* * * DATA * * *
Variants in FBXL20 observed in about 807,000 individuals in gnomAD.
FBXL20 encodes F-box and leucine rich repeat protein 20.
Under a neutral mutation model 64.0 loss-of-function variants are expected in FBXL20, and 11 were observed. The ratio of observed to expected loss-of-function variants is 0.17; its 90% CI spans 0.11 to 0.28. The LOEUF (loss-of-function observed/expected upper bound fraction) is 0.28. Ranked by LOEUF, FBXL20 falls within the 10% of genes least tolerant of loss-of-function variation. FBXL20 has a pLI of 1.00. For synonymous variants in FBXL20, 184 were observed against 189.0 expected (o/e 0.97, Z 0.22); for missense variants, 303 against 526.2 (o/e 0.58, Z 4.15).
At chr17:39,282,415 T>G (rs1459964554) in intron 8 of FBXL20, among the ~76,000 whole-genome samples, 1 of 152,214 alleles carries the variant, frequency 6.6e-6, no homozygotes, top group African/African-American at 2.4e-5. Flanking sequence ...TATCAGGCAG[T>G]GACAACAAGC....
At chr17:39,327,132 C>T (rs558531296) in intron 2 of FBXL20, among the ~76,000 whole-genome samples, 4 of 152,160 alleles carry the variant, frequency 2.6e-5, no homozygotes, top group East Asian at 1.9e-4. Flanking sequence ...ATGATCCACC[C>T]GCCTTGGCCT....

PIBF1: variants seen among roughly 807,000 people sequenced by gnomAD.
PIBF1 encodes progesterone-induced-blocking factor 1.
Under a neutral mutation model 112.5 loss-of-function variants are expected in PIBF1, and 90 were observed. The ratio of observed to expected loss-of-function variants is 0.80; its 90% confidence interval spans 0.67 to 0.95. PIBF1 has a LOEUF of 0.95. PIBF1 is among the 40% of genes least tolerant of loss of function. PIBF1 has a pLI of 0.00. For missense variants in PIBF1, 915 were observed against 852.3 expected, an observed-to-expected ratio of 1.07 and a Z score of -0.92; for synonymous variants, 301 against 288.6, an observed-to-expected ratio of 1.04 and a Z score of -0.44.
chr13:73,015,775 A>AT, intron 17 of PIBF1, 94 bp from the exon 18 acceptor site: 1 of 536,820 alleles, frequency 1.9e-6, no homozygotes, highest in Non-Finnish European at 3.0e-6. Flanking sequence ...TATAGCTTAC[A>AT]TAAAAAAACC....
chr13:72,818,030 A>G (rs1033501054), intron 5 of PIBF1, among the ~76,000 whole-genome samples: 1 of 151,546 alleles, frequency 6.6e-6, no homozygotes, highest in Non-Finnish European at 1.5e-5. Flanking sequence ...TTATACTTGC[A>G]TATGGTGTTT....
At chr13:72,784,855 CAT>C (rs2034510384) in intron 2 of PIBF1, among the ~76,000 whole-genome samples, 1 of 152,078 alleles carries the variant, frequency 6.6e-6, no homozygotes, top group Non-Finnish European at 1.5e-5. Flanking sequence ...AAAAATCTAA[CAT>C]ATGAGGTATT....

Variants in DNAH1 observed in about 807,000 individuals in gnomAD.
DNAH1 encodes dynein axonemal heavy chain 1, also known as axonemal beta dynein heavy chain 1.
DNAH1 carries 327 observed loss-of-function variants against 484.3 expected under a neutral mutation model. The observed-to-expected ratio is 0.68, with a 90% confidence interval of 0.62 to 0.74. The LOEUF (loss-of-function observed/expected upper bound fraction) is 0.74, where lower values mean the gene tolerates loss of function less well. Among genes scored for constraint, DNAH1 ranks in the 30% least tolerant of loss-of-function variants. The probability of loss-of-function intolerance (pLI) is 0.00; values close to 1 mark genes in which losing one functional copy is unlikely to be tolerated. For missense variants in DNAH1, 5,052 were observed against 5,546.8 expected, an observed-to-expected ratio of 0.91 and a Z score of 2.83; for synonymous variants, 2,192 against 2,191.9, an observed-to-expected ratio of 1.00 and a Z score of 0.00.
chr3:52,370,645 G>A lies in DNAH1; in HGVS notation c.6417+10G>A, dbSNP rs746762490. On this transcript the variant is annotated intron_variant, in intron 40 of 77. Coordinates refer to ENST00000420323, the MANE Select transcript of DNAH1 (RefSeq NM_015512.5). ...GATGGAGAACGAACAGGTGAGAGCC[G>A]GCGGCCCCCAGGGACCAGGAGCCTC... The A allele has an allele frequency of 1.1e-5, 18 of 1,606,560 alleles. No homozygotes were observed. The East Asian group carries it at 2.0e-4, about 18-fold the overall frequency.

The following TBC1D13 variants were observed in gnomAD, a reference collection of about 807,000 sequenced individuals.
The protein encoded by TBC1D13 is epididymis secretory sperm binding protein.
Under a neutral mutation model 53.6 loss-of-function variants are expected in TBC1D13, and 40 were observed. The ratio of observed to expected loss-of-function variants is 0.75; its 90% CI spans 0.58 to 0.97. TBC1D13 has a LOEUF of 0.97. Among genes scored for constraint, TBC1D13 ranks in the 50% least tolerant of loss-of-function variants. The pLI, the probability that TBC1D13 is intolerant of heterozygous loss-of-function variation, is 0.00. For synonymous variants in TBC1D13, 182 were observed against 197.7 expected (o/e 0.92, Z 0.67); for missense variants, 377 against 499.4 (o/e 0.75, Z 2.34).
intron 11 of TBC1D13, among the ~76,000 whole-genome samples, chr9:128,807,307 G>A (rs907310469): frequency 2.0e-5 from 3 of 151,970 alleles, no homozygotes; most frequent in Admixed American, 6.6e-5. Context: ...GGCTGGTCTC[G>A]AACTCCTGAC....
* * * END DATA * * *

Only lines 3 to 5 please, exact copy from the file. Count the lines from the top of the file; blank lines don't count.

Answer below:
Under a neutral mutation model 64.0 loss-of-function variants are expected in FBXL20, and 11 were observed. The ratio of observed to expected loss-of-function variants is 0.17; its 90% CI spans 0.11 to 0.28. The LOEUF (loss-of-function observed/expected upper bound fraction) is 0.28. Ranked by LOEUF, FBXL20 falls within the 10% of genes least tolerant of loss-of-function variation. FBXL20 has a pLI of 1.00. For synonymous variants in FBXL20, 184 were observed against 189.0 expected (o/e 0.97, Z 0.22); for missense variants, 303 against 526.2 (o/e 0.58, Z 4.15).
At chr17:39,282,415 T>G (rs1459964554) in intron 8 of FBXL20, among the ~76,000 whole-genome samples, 1 of 152,214 alleles carries the variant, frequency 6.6e-6, no homozygotes, top group African/African-American at 2.4e-5. Flanking sequence ...TATCAGGCAG[T>G]GACAACAAGC....
At chr17:39,327,132 C>T (rs558531296) in intron 2 of FBXL20, among the ~76,000 whole-genome samples, 4 of 152,160 alleles carry the variant, frequency 2.6e-5, no homozygotes, top group East Asian at 1.9e-4. Flanking sequence ...ATGATCCACC[C>T]GCCTTGGCCT....